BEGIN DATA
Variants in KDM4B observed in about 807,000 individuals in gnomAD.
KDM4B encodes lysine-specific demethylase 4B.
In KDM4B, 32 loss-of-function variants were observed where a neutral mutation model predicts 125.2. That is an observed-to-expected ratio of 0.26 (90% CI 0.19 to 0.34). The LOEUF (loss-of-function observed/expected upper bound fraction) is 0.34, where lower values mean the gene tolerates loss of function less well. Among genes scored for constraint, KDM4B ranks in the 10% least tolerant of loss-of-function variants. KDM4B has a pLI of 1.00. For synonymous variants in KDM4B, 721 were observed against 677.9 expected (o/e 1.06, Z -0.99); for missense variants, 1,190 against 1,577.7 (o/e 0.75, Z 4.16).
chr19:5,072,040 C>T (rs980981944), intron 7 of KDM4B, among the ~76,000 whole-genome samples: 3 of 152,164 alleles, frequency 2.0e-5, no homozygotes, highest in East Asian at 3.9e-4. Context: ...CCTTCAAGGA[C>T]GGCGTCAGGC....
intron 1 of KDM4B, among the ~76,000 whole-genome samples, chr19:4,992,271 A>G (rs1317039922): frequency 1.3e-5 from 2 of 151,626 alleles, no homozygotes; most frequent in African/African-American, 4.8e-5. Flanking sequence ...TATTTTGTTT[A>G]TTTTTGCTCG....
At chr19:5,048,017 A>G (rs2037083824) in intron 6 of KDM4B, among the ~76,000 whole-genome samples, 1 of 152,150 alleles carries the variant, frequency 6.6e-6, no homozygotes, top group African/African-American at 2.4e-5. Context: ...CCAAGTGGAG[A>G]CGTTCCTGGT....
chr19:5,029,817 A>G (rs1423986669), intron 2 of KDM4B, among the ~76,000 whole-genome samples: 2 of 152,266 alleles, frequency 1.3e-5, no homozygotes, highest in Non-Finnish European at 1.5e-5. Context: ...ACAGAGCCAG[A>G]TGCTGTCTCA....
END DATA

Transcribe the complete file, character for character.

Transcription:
Variants in KDM4B observed in about 807,000 individuals in gnomAD.
KDM4B encodes lysine-specific demethylase 4B.
In KDM4B, 32 loss-of-function variants were observed where a neutral mutation model predicts 125.2. That is an observed-to-expected ratio of 0.26 (90% CI 0.19 to 0.34). The LOEUF (loss-of-function observed/expected upper bound fraction) is 0.34, where lower values mean the gene tolerates loss of function less well. Among genes scored for constraint, KDM4B ranks in the 10% least tolerant of loss-of-function variants. KDM4B has a pLI of 1.00. For synonymous variants in KDM4B, 721 were observed against 677.9 expected (o/e 1.06, Z -0.99); for missense variants, 1,190 against 1,577.7 (o/e 0.75, Z 4.16).
chr19:5,072,040 C>T (rs980981944), intron 7 of KDM4B, among the ~76,000 whole-genome samples: 3 of 152,164 alleles, frequency 2.0e-5, no homozygotes, highest in East Asian at 3.9e-4. Context: ...CCTTCAAGGA[C>T]GGCGTCAGGC....
intron 1 of KDM4B, among the ~76,000 whole-genome samples, chr19:4,992,271 A>G (rs1317039922): frequency 1.3e-5 from 2 of 151,626 alleles, no homozygotes; most frequent in African/African-American, 4.8e-5. Flanking sequence ...TATTTTGTTT[A>G]TTTTTGCTCG....
At chr19:5,048,017 A>G (rs2037083824) in intron 6 of KDM4B, among the ~76,000 whole-genome samples, 1 of 152,150 alleles carries the variant, frequency 6.6e-6, no homozygotes, top group African/African-American at 2.4e-5. Context: ...CCAAGTGGAG[A>G]CGTTCCTGGT....
chr19:5,029,817 A>G (rs1423986669), intron 2 of KDM4B, among the ~76,000 whole-genome samples: 2 of 152,266 alleles, frequency 1.3e-5, no homozygotes, highest in Non-Finnish European at 1.5e-5. Context: ...ACAGAGCCAG[A>G]TGCTGTCTCA....